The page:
But the upscale Italian automobile makers may be headed for a spinout on the American Riviera if they don’t dramatically redesign their proposal.
New Century Automotive Group wants to build the two-story dealership at 350 Hitchcock Way, between DCH Lexus of Santa Barbara and a complex of town homes to the north.
Alfa Romeo and Maserati would have showrooms on the first floor of the proposed building and Ferrari, along with service bays, would take up the second. A vacant, single-story building currently occupies the site, which is used to park cars.
But members of the Santa Barbara Architectural Board of Review and some residential neighbors are looking to put the brakes on the proposal. They say it’s too big, has too much asphalt and not enough landscaping, would cut down too many trees, and is overall “not Santa Barbara architecture.”
“I have a problem with this building and the whole way you have planned activity on this site,” ABR member Howard Wittausch told the applicants.
“The idea of putting showrooms and service bays on the second floor is unnecessary. It is done for the purpose of just creating a big, bulky massive building.”
The proposal calls for a 35-foot-tall, two-story building, with glass panels allowing buyers to peer inside, and a Ferrari arch hanging over the side of the structure.
The proposed 39,000-square-foot building would include 12,500 square feet of showroom space, 11,500 square feet of interior car storage, 9,500 square feet of enclosed service bays and 5,500 square feet for the office and a parts department.
“The Ferrari arch is something that really throws this building out of scale,” said Scott Hopkins, ABR vice chairman. “It strikes me as something that is not characteristic of Santa Barbara architecture.”
Board member Stephanie Poole said the building should be smaller.
“The front of the building could be lowered to a more pedestrian-friendly height,” she said. “It seems really monolithic and bigger than it needs to be.”
Alfa Romeo, Ferrari and Maserati also want to cut down a row of 22 eucalyptus and pine trees between the dealership and homes on the other side.
“We feel that they are dropping limbs and we fear for the neighbors living that close to them, as well as the cars,” landscape architect Chuck McClure said.
The dealership wants to park cars against the back of the lot underneath the trees.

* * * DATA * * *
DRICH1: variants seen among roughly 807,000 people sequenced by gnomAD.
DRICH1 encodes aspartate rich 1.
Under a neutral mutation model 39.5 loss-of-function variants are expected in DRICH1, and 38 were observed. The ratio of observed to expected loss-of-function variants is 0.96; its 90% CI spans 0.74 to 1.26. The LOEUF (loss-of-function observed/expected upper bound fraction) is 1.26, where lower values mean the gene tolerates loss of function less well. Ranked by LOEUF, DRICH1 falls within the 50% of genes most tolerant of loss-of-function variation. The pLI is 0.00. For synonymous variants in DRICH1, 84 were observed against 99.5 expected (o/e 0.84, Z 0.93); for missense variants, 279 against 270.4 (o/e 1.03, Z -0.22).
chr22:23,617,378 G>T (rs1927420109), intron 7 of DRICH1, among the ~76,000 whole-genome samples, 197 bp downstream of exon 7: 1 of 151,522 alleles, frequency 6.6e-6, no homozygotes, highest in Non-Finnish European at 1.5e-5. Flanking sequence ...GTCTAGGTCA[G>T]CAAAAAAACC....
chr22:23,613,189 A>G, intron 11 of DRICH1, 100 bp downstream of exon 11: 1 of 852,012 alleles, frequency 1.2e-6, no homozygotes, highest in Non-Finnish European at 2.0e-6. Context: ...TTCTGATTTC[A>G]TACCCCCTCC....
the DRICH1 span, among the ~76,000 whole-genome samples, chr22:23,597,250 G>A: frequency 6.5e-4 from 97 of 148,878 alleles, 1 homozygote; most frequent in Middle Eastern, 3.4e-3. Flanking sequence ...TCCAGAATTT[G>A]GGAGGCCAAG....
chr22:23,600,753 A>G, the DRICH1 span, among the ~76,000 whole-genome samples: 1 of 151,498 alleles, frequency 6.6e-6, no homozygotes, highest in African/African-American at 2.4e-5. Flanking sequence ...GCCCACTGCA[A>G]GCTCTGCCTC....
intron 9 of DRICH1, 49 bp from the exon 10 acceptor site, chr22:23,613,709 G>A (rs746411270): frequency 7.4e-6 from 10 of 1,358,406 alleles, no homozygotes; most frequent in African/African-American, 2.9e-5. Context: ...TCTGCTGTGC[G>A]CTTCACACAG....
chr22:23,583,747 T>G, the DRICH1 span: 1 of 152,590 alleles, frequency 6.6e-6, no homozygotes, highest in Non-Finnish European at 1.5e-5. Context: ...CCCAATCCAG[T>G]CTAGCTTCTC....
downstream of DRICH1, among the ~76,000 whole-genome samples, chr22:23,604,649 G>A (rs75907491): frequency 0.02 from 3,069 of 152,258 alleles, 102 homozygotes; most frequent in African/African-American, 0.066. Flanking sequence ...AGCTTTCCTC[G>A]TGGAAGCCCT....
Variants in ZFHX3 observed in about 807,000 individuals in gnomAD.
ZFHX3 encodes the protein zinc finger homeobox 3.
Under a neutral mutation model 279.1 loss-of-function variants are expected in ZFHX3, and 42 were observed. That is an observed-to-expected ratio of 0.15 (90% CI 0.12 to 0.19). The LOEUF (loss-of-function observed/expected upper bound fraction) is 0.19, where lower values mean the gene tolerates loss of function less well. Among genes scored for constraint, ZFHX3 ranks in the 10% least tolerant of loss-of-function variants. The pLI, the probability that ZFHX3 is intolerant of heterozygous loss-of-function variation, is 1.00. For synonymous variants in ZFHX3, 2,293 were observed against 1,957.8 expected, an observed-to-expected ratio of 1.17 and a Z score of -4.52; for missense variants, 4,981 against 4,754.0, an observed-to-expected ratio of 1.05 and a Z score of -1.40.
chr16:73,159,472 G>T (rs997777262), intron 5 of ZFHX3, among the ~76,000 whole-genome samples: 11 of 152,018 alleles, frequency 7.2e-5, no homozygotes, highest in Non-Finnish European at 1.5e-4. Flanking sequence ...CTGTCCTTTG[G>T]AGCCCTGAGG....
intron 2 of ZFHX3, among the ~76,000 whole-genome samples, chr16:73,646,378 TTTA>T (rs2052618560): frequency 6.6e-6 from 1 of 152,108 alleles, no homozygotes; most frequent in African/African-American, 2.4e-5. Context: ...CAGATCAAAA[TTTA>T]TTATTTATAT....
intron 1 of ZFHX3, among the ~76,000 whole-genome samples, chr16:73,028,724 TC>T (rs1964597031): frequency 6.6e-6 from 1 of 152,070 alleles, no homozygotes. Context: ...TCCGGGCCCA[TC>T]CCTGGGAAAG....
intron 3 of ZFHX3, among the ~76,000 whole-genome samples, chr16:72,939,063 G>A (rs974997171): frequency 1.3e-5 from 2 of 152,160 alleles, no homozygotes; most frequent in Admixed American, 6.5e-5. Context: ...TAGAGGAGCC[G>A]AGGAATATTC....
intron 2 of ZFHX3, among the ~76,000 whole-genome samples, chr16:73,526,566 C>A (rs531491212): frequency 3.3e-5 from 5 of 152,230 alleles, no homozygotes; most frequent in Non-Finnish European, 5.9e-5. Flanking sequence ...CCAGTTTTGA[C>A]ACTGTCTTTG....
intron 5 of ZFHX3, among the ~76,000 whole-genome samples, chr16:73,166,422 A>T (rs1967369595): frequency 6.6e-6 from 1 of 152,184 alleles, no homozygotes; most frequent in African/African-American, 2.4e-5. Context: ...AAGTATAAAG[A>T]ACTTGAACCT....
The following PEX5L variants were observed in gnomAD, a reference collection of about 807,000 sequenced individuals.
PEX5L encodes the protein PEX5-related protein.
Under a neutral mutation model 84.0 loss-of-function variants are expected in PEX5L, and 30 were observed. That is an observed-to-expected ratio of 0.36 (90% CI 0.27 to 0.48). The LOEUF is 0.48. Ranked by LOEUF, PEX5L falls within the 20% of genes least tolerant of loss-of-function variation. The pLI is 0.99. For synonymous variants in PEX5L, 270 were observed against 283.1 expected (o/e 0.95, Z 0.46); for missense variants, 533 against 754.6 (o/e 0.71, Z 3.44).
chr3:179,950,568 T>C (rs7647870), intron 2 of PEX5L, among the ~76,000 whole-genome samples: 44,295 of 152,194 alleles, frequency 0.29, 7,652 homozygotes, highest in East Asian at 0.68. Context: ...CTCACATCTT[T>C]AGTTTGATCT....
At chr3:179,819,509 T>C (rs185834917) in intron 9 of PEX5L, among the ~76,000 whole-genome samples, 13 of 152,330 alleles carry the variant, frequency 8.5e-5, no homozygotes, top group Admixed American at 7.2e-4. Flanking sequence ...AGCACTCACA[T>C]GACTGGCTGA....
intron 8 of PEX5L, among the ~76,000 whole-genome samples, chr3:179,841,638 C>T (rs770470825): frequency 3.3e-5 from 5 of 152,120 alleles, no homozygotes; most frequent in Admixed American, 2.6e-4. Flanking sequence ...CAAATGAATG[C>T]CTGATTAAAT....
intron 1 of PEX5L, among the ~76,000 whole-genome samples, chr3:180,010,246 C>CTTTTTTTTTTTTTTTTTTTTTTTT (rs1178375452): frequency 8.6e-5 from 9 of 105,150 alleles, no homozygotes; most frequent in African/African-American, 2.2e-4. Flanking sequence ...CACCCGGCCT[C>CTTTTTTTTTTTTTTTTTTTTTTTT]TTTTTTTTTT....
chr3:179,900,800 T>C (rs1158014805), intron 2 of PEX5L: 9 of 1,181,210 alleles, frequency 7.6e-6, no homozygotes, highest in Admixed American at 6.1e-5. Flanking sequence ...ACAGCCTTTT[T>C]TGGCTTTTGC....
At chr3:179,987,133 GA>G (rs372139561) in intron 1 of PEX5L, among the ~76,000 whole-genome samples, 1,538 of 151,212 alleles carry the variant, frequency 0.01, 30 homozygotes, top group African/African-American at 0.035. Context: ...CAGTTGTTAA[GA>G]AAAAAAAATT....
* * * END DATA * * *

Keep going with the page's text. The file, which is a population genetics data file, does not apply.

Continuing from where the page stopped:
The proposal to remove the mature, 80-foot-tall trees irked ABR members. Even though the eucalyptus trees are not native to Santa Barbara, removing them in this spot is not an automatic decision.
“I am having a real issue with the removal of 22 trees on this property,” said Courtney Jane Miller, an ABR member. “I would challenge the applicant to design the parking layout such that you are protecting the trees and not vice versa.
“It looks like you have the room. I don’t see why that can’t be accommodated.”
Miller said the trees are “a valuable skyline … resource to this community,” and she also expressed concerns about the building’s height.
Some residents of the nearby Francisco Villas have also complained about the proposal.
“I strongly oppose such a huge structure right next to my complex,” said Rhonda Adawi, a homeowner. “The car dealership is my backyard. This is my only home and I intend to remain here permanently, but this project will ruin my neighborhood.”
The proposed complex is located in a three-block area of Santa Barbara that already is home to several automotive dealerships, including a new Tesla dealership.
Adawi, in a July 16 letter to the city, called the proposal a “monstrosity of a car dealership” that would decrease property values.
New Century Automotive Group and its team, which includes Suzanne Elledge Planning & Permitting Services, will continue shaping the proposal for a return to the ABR. It’s not known how long it will take team to modify the plan, though.
“There’s a lot of work that needs to take place,” Poole said.